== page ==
5 Points of Failure in the Data Wiping Process

Data Wiping can be a tricky thing to handle. The process of identifying, auditing, and deleting data is a veritable minefield - and failure to understand this complexity can only increase the dangers exponentially.

Thankfully, there is a solution to many of these threats in the form of education and preparation. The lion’s share of failures through the data wiping process come down to poor implementation of badly documented processes, and as such, understanding these failures and creating a plan to handle them can negate much, if not all, of the potential damage they can wreak, both economic and otherwise.

That’s exactly what we aim to do with this piece. We’re going to discuss five common points of failure in the data wiping process, and address some actions that can be taken to ensure these issues are limited in both scope and damage.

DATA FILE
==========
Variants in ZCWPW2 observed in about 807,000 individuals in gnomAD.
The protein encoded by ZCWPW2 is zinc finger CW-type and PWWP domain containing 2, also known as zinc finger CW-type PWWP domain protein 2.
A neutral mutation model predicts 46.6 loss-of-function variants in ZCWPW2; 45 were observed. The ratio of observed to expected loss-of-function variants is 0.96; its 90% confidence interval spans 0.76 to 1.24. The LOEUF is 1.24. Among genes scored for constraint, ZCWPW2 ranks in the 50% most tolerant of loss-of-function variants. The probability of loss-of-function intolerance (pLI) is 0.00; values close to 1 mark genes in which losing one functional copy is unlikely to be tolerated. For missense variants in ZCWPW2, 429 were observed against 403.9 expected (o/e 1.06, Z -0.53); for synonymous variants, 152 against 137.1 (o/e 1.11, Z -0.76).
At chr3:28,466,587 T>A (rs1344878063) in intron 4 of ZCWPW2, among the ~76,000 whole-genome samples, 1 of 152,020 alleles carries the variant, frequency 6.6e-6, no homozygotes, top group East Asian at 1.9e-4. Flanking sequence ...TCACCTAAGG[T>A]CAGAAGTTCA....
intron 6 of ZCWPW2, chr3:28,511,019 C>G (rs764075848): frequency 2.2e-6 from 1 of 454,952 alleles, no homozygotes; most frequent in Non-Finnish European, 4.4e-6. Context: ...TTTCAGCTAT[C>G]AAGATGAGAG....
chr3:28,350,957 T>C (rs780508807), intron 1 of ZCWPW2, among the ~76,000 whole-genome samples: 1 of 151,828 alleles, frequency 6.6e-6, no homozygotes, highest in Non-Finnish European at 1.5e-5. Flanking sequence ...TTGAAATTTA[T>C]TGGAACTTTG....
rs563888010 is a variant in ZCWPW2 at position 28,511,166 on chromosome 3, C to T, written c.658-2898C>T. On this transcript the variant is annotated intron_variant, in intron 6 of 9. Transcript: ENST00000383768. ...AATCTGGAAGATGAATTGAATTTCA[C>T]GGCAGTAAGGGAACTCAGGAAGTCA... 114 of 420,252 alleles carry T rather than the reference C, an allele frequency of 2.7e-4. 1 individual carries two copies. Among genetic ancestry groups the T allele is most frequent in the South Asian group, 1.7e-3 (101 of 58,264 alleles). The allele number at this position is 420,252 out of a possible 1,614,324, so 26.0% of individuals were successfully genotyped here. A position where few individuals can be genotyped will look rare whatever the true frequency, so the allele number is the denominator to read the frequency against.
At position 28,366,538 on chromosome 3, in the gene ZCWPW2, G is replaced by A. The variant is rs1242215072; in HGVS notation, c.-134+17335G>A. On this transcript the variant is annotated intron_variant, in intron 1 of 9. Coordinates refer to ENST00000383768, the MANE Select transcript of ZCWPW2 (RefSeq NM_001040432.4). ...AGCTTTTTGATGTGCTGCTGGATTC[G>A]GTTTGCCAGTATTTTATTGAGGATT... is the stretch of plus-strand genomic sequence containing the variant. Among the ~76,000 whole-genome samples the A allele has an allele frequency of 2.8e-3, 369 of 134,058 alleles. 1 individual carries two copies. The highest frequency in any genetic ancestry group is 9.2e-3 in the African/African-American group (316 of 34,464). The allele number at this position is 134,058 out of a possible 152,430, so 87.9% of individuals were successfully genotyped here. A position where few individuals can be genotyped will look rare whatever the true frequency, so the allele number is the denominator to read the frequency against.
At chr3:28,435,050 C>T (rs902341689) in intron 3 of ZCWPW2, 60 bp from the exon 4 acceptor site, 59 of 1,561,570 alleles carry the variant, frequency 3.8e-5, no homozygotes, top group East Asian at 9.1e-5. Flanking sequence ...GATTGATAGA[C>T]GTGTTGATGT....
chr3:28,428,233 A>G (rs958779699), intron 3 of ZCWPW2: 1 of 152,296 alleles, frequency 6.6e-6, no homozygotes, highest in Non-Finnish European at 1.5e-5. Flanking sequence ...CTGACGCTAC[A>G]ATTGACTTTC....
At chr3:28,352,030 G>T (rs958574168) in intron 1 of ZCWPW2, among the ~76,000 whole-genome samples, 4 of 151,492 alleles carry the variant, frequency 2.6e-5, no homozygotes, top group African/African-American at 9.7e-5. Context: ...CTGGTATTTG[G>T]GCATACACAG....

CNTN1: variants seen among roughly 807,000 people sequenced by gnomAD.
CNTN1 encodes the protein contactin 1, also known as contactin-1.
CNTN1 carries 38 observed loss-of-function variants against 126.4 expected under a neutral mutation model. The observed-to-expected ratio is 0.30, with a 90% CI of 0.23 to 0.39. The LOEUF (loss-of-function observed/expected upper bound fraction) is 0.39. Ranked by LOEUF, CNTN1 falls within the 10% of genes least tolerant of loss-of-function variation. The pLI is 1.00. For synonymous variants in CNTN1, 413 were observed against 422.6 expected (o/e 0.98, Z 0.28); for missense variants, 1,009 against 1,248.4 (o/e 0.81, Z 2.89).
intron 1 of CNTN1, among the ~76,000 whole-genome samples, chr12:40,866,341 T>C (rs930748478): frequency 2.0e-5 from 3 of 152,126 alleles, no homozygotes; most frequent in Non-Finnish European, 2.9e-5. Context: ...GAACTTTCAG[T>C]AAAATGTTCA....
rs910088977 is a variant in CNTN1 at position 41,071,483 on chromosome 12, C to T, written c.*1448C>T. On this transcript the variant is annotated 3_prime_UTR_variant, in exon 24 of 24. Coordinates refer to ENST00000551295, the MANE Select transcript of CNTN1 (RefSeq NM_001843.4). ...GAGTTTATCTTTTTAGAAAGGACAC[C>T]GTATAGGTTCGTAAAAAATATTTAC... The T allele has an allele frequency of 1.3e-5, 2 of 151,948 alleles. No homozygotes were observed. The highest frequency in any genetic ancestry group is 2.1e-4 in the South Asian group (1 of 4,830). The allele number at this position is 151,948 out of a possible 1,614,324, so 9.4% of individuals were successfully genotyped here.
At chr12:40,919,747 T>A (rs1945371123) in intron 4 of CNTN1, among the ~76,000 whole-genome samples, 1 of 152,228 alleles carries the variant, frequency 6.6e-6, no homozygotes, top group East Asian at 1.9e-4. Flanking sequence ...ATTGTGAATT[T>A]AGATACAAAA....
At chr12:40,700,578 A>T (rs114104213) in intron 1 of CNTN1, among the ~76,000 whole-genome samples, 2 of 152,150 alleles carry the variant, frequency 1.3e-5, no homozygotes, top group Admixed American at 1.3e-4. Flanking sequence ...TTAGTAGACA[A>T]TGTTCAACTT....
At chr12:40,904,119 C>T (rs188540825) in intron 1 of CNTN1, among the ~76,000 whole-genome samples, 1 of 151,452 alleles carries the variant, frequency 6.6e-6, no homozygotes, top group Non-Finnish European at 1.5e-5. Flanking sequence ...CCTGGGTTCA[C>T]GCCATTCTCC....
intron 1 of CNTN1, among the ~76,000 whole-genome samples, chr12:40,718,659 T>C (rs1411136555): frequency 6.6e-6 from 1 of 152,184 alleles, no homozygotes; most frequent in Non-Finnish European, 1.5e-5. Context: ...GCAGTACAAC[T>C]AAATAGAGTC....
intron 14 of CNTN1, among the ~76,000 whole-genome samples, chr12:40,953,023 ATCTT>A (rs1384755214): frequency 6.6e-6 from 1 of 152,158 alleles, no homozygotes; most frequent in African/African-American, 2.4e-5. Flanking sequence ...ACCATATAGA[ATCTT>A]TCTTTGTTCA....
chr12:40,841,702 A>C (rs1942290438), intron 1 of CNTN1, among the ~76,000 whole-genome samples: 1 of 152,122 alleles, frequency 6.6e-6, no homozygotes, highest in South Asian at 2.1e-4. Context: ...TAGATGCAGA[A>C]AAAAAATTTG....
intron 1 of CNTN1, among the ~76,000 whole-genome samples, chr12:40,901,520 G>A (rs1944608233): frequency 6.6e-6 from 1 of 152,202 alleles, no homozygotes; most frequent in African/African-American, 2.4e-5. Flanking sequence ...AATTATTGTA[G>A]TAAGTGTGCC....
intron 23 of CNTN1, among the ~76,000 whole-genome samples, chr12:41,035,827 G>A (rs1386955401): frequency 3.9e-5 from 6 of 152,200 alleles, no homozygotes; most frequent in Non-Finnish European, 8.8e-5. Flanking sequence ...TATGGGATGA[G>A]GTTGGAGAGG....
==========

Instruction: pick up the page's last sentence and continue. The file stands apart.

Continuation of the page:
1 - Poor Scope Identification

A huge potential failure point is in misidentifying the scope and breadth of data that needs to be wiped. Data left on a hard drive in essentially space that cannot be used elsewhere. Additionally, data left over that is no longer in use but is still legally protected via edicts in the European Union or the United States may not only be a space eater, but a legal complication.

Thus, when choosing data for deletion, identifying the proper scope is vitally important. When looking at the data that is to be deleted, a basic rubric must be adhered to, ensuring that data of a similar type and similar range is the correct data for deletion.

2 - Failing to Identify Data as In Use

Would the loss of this data be catastrophic to any business function or tertiary function? This is mostly related to hidden records as part of database management. Deleting all the records for a salesperson is fine, but if you’re deleting content that doesn’t have data integrity enforcements, you could very easily cause your database to failover due to null entries and cause a catastrophic cascading failure.

Likewise, choosing not to delete data when it’s not in use can have drastic effects on the rest of the functionality of the greater system, eating up processing power and space.

Failure to maintain records of vital data for legal purposes is a huge issue in the data management world, one which comes with hefty fines and punishments. If data is being sought for legal purposes, destroying this data would be considered destruction of evidence, and would be even more severely punished.

3 - Improperly Erasing Drives